For the first three weeks, their existence seemed blissfully happy. The Duke had been only momentarily disappointed that his firstborn child had not been a son, declaring that 'the decrees of Providence are at all times wisest and best'. The Duchess was determined not to engage a wet-nurse, but breast-fed the child herself. The Duke, who took an intense interest in all details of nursery management, observed 'the process of maternal nutriment' with fascination.
The constant shadow that spoilt the proud father's state of happiness was not slow to appear. As he knew only too well, the Prince Regent was determined to make life uncomfortable for the family. He had never forgiven the Duke of Kent for the sympathy he had shown to his estranged wife Caroline, the Princess of Wales, who had since retired abroad. That the Wales's only child Charlotte had died prematurely while the Kents' daughter appeared healthy enough was a further source of bitterness and resentment on the part of the Prince Regent. The Duchess of Clarence had also given birth to a daughter in March, a sickly baby who only lived for seven hours. To the Prince Regent, his detested brother Edward had evidently been born under a lucky star.
As acting head of the family, in lieu of the blind, insane King George III, the Prince Regent decided when the christening of the Princess should take place. On 21 June the Duke of Kent was abruptly notified by the Prince's private secretary and privy seal, Sir Benjamin Bloomfield, of the arrangements. The ceremony would be three days later, on 24 June, at 3.00 p.m. It would be held privately, with only the Duke and Duchess of York, Princess Augusta, the Duke and Duchess of Gloucester, Prince Leopold and Princess Sophia invited as family guests. There would be no chance of the Duke of Kent being allowed to make a grand occasion of the ceremony. No foreign dignitaries would be invited to add pomp and splendour to the occasion. The Prince Regent would stand as godparent in person, Tsar Alexander I of Russia would be represented by the Duke of York, then second in succession to the throne, and the remaining godparents by other members of the royal family. The parents were not even permitted to choose the names themselves, which the Prince Regent 'will explain himself to your Royal Highness, previous to the Ceremony'.
No more was heard from the Prince Regent until the evening before the christening. A list of names had been submitted to him, and it was assumed that he would raise no objection, but on Sunday evening he sent a message to the Duke of Kent that the name Georgina was not to be used, as the Regent did not wish to place his name before that of the Tsar of Russia, and he could not allow it to come afterwards. With regard to the other names, he would speak to the Duke of Kent at the ceremony. Unknown to the parents, he had already approached Prince Leopold, asking him to prevent the name Charlotte from being given.
When the modest company assembled in the Cupola Room at Kensington Palace the next day the Regent, determined to be as cold as possible, did not exchange a single word with the Duke of Kent. As the Archbishop of Canterbury held the Princess in his arms, waiting for the Regent to pronounce the first name, he announced gruffly, 'Alexandrina'. He then stopped, and the Archbishop waited. The Duke of Kent suggested Charlotte, Augusta, and Elizabeth. All these met with fierce disapproval from his brother, who coldly said she could be baptized with her mother's name, 'but it cannot precede that of the Emperor'. By the time Princess Alexandrina Victoria of Kent had been christened, the Duchess of Kent was sobbing.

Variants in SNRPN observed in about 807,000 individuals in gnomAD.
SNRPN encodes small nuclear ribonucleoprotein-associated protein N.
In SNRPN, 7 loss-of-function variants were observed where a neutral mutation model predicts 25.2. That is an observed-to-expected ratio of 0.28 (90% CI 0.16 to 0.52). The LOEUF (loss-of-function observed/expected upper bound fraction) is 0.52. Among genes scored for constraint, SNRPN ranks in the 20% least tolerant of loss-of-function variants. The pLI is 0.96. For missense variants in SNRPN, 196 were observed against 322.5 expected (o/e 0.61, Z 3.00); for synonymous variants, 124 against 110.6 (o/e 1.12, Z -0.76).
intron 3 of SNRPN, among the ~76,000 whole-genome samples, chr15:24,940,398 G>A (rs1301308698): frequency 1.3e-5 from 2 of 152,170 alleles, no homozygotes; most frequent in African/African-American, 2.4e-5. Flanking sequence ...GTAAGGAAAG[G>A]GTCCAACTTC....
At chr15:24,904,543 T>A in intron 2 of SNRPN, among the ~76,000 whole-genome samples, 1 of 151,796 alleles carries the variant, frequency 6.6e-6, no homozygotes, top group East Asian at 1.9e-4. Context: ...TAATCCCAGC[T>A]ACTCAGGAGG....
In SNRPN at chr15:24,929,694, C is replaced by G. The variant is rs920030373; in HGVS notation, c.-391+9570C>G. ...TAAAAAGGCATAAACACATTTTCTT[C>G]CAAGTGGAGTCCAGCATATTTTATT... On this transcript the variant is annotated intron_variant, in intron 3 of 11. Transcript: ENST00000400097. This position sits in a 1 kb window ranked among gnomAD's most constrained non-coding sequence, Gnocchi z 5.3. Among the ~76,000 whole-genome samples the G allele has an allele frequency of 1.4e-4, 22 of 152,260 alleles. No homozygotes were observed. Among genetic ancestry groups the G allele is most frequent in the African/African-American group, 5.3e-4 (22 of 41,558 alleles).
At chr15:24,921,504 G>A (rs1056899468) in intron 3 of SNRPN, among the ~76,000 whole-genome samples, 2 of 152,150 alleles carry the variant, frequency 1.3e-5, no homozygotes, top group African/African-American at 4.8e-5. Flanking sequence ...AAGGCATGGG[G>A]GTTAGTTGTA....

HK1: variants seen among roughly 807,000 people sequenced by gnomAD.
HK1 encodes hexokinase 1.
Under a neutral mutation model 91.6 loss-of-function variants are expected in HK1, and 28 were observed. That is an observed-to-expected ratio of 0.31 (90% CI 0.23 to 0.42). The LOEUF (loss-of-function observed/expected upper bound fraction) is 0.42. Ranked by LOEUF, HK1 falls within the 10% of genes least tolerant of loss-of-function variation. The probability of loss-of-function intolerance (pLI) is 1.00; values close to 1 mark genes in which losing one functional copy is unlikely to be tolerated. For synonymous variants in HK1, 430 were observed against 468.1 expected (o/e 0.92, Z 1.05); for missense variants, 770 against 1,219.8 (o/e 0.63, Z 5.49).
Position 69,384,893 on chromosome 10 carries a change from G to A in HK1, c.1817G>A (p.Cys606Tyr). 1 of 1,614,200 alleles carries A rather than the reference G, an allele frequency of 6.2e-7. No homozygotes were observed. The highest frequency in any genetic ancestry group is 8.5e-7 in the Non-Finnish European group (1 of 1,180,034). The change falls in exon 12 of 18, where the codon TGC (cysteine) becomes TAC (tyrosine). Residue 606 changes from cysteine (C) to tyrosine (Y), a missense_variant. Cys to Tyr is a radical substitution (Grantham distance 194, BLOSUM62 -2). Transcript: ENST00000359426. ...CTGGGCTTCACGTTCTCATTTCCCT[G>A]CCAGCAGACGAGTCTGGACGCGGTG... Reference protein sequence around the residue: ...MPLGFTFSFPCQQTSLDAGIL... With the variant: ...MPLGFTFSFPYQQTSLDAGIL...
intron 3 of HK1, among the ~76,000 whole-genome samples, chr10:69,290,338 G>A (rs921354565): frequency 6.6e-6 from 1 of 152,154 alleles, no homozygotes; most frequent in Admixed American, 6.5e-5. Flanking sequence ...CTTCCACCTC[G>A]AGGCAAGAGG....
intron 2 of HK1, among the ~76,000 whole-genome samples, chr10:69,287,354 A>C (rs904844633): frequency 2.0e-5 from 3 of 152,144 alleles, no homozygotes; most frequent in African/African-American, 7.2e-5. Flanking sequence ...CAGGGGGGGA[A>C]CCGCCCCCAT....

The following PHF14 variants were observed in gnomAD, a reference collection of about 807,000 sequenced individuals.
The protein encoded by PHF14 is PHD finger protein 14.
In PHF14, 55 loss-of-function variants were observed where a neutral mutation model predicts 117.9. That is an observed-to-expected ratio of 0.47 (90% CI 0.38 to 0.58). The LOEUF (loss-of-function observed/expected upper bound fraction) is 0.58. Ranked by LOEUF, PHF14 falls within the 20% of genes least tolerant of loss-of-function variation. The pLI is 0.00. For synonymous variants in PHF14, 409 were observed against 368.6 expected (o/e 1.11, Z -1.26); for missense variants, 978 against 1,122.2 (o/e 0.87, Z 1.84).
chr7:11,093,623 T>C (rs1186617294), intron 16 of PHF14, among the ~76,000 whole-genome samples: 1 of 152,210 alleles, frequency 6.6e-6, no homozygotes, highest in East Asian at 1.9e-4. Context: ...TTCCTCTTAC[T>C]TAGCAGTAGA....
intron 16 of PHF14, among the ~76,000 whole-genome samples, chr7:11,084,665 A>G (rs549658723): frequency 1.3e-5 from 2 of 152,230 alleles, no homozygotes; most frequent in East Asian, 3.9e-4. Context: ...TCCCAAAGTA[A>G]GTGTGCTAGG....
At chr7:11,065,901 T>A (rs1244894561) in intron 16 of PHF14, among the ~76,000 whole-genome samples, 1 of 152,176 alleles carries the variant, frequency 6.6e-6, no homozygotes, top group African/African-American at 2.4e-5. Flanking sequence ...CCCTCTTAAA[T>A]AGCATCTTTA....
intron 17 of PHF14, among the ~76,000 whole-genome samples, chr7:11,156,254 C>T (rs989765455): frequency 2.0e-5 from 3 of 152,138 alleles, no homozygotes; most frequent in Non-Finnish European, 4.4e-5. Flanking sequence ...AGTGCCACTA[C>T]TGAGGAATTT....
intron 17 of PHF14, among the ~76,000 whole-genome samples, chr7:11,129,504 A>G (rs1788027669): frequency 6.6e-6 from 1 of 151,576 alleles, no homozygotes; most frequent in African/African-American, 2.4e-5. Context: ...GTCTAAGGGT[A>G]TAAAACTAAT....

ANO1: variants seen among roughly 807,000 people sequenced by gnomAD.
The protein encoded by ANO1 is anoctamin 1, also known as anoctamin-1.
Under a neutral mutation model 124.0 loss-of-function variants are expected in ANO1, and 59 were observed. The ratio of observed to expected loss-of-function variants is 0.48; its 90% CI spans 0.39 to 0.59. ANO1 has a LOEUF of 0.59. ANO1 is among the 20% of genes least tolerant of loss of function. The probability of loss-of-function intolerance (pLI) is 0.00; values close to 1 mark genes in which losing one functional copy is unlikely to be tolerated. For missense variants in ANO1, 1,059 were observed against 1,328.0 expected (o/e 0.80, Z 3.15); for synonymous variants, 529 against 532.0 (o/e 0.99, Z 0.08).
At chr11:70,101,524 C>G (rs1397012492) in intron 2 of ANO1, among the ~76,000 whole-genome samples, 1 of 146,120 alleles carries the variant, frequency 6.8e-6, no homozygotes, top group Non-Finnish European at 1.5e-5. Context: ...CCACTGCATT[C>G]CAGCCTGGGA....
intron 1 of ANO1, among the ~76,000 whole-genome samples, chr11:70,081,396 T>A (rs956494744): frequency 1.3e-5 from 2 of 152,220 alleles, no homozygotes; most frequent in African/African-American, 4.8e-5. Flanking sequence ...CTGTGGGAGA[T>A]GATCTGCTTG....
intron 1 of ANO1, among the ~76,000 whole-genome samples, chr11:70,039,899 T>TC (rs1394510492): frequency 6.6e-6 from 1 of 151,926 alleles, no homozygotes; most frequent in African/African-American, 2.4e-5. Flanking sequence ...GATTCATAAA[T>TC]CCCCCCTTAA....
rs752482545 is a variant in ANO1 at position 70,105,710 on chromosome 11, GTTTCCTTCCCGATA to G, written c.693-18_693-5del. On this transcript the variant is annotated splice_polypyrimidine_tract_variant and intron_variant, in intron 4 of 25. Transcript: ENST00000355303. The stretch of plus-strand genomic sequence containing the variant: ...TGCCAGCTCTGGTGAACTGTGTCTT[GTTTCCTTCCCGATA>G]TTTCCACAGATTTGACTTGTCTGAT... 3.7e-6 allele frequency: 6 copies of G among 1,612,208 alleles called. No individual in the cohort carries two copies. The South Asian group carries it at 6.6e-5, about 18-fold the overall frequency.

That evening the Duke and Duchess gave a dinner party at Kensington Palace. Not surprisingly, the Prince Regent was not invited.
The Princess was regularly known among the family as 'Drina', though she and her mother preferred the name Victoria. As a baby, her mother called her 'Vickelchen', and lulled her to sleep each night with German cradle songs.
On 2 August 1819 she became the first royal baby to be vaccinated against smallpox. The six-week-old child of Colonel Eliot, MP, was brought to Kensington Palace. Vaccine lymph was taken from the vesicle, the cavity filled with pus resulting from the insertion of the vaccine on the arm of Colonel Eliot's child, and inserted into two places on the Princess's left arm and one on her right. By the twenty-sixth day after vaccination, the scabs had dropped off, leaving 'a small radiated and rather depressed cicatrix'. The vaccination had been successful, and the Princess suffered no side-effects.
Although bitterly resented by the brother who was King in all but name, the Duke of Kent, his wife and child were leading an apparently contented life. Their cosy domesticity was the subject of some gentle mockery on the part of Mary, Duchess of Gloucester, who noted that on a visit to Windsor in September they retired to bed at the almost unheard-of-hour of 9 p.m.
Yet financial troubles continued to dog the family, and pursue the father to his grave – if not indirectly lead him to it. The Duke of Kent could not afford to live in London; to economize, it was necessary to live somewhere in the country. Returning to Germany, which would at least take them out of sight of resentful relatives, would be too expensive, and as he was determined that his daughter (and perhaps he himself before her) would one day ascend the throne, it would not do for them to go back into self-imposed exile.
A suggestion was made that they should visit, perhaps stay in, Devonshire. This would be a good way of preserving appearances, as the Duke had announced his intention of taking the Duchess to benefit from sea air after her confinement. He and his equerry, Captain John Conroy, went to look at houses in Dawlish, Torquay, Teignmouth and Sidmouth. Between them they decided that Sidmouth would be most satisfactory, and they rented Woolbrook Cottage, close to the seafront.